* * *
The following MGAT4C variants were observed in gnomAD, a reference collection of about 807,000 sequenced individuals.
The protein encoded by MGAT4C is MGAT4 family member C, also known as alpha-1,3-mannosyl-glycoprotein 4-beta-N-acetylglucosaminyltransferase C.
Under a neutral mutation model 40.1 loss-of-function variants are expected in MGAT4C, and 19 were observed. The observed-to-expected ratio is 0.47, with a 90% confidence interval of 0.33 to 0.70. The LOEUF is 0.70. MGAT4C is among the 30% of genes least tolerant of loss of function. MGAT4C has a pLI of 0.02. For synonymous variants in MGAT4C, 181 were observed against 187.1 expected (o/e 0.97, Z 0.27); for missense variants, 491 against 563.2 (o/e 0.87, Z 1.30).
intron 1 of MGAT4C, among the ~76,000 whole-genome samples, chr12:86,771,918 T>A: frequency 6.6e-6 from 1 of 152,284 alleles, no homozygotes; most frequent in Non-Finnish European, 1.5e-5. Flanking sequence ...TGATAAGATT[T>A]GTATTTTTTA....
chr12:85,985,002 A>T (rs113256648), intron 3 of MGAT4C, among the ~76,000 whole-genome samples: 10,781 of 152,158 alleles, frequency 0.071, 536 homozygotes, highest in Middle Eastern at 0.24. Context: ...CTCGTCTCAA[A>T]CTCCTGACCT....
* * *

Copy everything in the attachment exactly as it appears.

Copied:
The following MGAT4C variants were observed in gnomAD, a reference collection of about 807,000 sequenced individuals.
The protein encoded by MGAT4C is MGAT4 family member C, also known as alpha-1,3-mannosyl-glycoprotein 4-beta-N-acetylglucosaminyltransferase C.
Under a neutral mutation model 40.1 loss-of-function variants are expected in MGAT4C, and 19 were observed. The observed-to-expected ratio is 0.47, with a 90% confidence interval of 0.33 to 0.70. The LOEUF is 0.70. MGAT4C is among the 30% of genes least tolerant of loss of function. MGAT4C has a pLI of 0.02. For synonymous variants in MGAT4C, 181 were observed against 187.1 expected (o/e 0.97, Z 0.27); for missense variants, 491 against 563.2 (o/e 0.87, Z 1.30).
intron 1 of MGAT4C, among the ~76,000 whole-genome samples, chr12:86,771,918 T>A: frequency 6.6e-6 from 1 of 152,284 alleles, no homozygotes; most frequent in Non-Finnish European, 1.5e-5. Flanking sequence ...TGATAAGATT[T>A]GTATTTTTTA....
chr12:85,985,002 A>T (rs113256648), intron 3 of MGAT4C, among the ~76,000 whole-genome samples: 10,781 of 152,158 alleles, frequency 0.071, 536 homozygotes, highest in Middle Eastern at 0.24. Context: ...CTCGTCTCAA[A>T]CTCCTGACCT....